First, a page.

South Yorkshire fire chiefs issue warning about dangers of drowning in open water

Fire chiefs in South Yorkshire have issued a warning about the dangers of open water swimming as the weather heats up.

Wednesday, 28th April 2021, 11:16 am

As part of a national week of action, South Yorkshire Fire and Rescue is urging people to stay out of open water this summer, unless they are part of an organised swimming group.

Firefighters hope that by joining forces with colleagues across the country, and gaining support of partners including the Royal Life Saving Society UK (RLSS UK), they can reduce the number of water rescues and incidents reported last year – 144 in South Yorkshire alone.

The push also comes just less than three years since teenager Taylor Matthews, also known as Tay, drowned in Doncaster’s Skelbrooke Quarry.

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South Yorkshire teenager Taylor Matthews drowned

The 19-year-old was out with friends in July 2018 when he jumped in from a bank around 30 feet high.

As soon as he entered the water, he suffered from cold water shock, which saw his body shut down.

Watch Manager Craig Huxley, South Yorkshire Fire & Rescue’s lead for water safety, said: “We’ve said it before and we’ll say it again, what happened to Taylor was a tragedy, and we want to make sure it doesn’t happen to anyone else.

“That’s why we’re supporting this week of action, and will be campaigning around water safety over the coming months as the weather warms up.

“Our message is simple – people should stay out of the water unless they are part of an open water swimming group, of which there are several in and around South Yorkshire.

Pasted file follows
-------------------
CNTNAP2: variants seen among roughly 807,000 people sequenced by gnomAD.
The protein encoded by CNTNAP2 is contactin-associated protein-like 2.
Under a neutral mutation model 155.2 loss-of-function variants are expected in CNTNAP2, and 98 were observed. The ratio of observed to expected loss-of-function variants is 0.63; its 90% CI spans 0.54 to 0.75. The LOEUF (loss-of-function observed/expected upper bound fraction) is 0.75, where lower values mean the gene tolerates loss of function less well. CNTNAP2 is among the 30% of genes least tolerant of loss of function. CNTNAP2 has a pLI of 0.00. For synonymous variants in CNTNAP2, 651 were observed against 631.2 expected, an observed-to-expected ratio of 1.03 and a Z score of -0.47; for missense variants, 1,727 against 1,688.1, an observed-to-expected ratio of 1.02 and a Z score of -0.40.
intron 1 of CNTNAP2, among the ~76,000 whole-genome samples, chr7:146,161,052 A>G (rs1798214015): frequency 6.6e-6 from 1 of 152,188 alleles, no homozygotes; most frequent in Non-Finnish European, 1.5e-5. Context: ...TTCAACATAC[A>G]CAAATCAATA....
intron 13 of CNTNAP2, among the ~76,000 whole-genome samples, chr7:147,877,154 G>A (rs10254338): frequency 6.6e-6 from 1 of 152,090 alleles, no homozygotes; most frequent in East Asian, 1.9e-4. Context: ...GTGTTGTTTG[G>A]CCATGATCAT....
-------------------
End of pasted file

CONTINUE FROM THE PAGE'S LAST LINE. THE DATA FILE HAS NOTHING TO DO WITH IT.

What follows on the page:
“Unless you are part of one of these groups, you shouldn’t be going anywhere near open bodies of water such as quarries, lakes and reservoirs.

“To start with, lots of these places are privately owned, so people shouldn’t be going there anyway. Then, beyond that, there are a wide range of risks with jumping into open water.

“Firstly, the water is almost always colder than it looks. As was the case with Taylor, your body can temporarily shut down from cold water shock which can stop even strong swimmers.

“Secondly, you don’t know what’s under the surface. There could be anything such as trollies, broken glass or plastic and reeds that can trap you.

“Finally, there are often hidden currents in bodies of water that can overpower even the strongest of swimmers. It’s just not worth the risk.”

In the run up to the week of action, South Yorkshire firefighters have developed a range of water safety videos that have been sent to primary and secondary schools across the county.

The service has also joined up with Royal Life Saving Society UK to develop a range of education and safety materials, including the development of a dedicated water safety website –

Lee Heard, Charity Director for the Royal Life Saving Society UK, said: “We know how tempting it is to jump in to cool off on a hot day, but the difference between the air temperature and the water temperature will literally take your breath away and dramatically reduce your ability to self-rescue.

“Swimming with a group at a recognised site is just one of many ways you can really have fun in the water, safe in the knowledge that the set-up is designed to look out for all of you.”

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